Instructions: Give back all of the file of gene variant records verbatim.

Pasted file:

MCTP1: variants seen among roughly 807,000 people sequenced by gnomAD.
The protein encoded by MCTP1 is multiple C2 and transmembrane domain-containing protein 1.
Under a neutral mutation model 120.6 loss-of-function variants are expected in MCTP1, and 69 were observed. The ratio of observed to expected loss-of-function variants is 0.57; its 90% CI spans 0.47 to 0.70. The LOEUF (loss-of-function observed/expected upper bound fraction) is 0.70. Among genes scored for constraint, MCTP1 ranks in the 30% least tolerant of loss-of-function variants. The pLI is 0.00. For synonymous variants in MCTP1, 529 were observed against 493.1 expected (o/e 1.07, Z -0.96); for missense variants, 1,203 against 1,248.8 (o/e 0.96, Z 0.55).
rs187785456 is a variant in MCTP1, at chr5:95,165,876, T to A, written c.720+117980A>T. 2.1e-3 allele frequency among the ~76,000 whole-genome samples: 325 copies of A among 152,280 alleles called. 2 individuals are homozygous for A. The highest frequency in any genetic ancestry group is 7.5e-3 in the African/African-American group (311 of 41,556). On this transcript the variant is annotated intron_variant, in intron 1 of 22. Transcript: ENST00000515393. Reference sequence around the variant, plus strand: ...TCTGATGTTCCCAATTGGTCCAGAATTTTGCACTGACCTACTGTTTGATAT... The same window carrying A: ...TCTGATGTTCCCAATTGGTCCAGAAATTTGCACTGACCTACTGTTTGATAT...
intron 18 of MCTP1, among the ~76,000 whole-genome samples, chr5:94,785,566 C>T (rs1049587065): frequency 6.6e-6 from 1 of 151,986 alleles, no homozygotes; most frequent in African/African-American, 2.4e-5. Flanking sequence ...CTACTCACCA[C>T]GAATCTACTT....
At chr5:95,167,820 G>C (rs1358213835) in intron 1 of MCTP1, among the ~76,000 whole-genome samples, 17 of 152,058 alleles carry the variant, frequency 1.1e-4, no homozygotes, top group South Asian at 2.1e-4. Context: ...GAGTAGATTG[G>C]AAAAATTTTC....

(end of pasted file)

MCTP1: variants seen among roughly 807,000 people sequenced by gnomAD.
The protein encoded by MCTP1 is multiple C2 and transmembrane domain-containing protein 1.
Under a neutral mutation model 120.6 loss-of-function variants are expected in MCTP1, and 69 were observed. The ratio of observed to expected loss-of-function variants is 0.57; its 90% CI spans 0.47 to 0.70. The LOEUF (loss-of-function observed/expected upper bound fraction) is 0.70. Among genes scored for constraint, MCTP1 ranks in the 30% least tolerant of loss-of-function variants. The pLI is 0.00. For synonymous variants in MCTP1, 529 were observed against 493.1 expected (o/e 1.07, Z -0.96); for missense variants, 1,203 against 1,248.8 (o/e 0.96, Z 0.55).
rs187785456 is a variant in MCTP1, at chr5:95,165,876, T to A, written c.720+117980A>T. 2.1e-3 allele frequency among the ~76,000 whole-genome samples: 325 copies of A among 152,280 alleles called. 2 individuals are homozygous for A. The highest frequency in any genetic ancestry group is 7.5e-3 in the African/African-American group (311 of 41,556). On this transcript the variant is annotated intron_variant, in intron 1 of 22. Transcript: ENST00000515393. Reference sequence around the variant, plus strand: ...TCTGATGTTCCCAATTGGTCCAGAATTTTGCACTGACCTACTGTTTGATAT... The same window carrying A: ...TCTGATGTTCCCAATTGGTCCAGAAATTTGCACTGACCTACTGTTTGATAT...
intron 18 of MCTP1, among the ~76,000 whole-genome samples, chr5:94,785,566 C>T (rs1049587065): frequency 6.6e-6 from 1 of 151,986 alleles, no homozygotes; most frequent in African/African-American, 2.4e-5. Flanking sequence ...CTACTCACCA[C>T]GAATCTACTT....
At chr5:95,167,820 G>C (rs1358213835) in intron 1 of MCTP1, among the ~76,000 whole-genome samples, 17 of 152,058 alleles carry the variant, frequency 1.1e-4, no homozygotes, top group South Asian at 2.1e-4. Context: ...GAGTAGATTG[G>C]AAAAATTTTC....